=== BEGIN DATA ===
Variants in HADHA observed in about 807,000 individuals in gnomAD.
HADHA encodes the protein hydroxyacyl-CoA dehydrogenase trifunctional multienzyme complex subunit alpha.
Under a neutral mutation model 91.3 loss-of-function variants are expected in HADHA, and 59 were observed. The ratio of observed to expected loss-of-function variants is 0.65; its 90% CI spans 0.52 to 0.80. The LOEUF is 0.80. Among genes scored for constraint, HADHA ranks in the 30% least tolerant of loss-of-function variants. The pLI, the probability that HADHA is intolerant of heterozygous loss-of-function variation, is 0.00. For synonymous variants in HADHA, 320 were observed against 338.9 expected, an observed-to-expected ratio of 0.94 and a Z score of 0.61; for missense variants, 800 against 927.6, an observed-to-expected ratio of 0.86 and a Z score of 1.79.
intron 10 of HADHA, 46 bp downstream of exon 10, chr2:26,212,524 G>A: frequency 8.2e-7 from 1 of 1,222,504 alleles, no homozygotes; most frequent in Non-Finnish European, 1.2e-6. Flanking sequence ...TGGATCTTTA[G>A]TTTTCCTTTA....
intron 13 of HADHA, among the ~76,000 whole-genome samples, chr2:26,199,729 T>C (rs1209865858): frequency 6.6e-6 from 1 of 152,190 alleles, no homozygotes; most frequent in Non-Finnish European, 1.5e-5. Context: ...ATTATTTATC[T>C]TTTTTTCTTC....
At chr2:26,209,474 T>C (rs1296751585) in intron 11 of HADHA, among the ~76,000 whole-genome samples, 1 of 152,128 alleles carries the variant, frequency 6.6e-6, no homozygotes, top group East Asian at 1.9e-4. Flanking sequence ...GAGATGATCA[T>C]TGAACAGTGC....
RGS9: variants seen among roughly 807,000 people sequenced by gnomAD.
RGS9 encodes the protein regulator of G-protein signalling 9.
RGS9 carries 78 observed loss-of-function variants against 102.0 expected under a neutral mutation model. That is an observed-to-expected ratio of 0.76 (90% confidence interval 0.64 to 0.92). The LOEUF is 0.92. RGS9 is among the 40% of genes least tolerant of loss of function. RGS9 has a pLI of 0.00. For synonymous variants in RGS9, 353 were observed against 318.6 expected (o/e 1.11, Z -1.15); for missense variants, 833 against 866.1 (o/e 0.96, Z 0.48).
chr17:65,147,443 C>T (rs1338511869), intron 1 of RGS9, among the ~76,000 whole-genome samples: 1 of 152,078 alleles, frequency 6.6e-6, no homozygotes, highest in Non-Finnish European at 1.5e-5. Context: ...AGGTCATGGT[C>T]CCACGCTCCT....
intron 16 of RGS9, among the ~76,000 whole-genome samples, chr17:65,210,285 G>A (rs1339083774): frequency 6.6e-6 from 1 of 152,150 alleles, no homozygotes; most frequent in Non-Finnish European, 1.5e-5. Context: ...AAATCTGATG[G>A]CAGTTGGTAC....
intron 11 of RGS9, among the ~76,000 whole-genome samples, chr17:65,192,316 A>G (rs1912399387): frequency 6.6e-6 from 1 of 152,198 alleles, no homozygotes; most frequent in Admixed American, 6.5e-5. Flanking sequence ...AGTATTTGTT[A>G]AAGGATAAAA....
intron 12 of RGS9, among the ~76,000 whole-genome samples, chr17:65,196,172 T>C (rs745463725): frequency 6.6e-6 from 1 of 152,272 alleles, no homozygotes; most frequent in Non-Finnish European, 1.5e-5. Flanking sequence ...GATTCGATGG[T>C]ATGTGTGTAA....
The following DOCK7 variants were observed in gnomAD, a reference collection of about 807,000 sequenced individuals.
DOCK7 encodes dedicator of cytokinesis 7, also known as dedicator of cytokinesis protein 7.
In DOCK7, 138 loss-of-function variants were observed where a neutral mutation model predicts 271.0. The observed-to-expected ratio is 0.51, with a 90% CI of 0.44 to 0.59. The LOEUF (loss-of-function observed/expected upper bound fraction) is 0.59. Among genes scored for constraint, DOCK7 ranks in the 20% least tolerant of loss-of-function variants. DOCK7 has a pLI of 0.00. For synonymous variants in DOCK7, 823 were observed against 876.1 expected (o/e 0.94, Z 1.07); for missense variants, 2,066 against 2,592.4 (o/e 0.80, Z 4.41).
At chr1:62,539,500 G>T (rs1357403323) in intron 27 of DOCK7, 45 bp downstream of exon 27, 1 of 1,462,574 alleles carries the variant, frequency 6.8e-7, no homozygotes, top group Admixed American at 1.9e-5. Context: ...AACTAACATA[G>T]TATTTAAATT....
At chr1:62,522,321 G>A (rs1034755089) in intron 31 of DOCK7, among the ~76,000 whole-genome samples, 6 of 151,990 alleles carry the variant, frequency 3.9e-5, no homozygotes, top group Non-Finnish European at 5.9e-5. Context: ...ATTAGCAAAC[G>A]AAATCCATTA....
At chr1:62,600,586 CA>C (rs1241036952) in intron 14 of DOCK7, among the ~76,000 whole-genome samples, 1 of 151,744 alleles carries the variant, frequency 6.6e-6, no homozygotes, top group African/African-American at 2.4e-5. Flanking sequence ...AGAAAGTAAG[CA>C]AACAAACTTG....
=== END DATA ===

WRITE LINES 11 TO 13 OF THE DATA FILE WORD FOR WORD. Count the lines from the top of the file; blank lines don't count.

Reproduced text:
intron 16 of RGS9, among the ~76,000 whole-genome samples, chr17:65,210,285 G>A (rs1339083774): frequency 6.6e-6 from 1 of 152,150 alleles, no homozygotes; most frequent in Non-Finnish European, 1.5e-5. Context: ...AAATCTGATG[G>A]CAGTTGGTAC....
intron 11 of RGS9, among the ~76,000 whole-genome samples, chr17:65,192,316 A>G (rs1912399387): frequency 6.6e-6 from 1 of 152,198 alleles, no homozygotes; most frequent in Admixed American, 6.5e-5. Flanking sequence ...AGTATTTGTT[A>G]AAGGATAAAA....
intron 12 of RGS9, among the ~76,000 whole-genome samples, chr17:65,196,172 T>C (rs745463725): frequency 6.6e-6 from 1 of 152,272 alleles, no homozygotes; most frequent in Non-Finnish European, 1.5e-5. Flanking sequence ...GATTCGATGG[T>C]ATGTGTGTAA....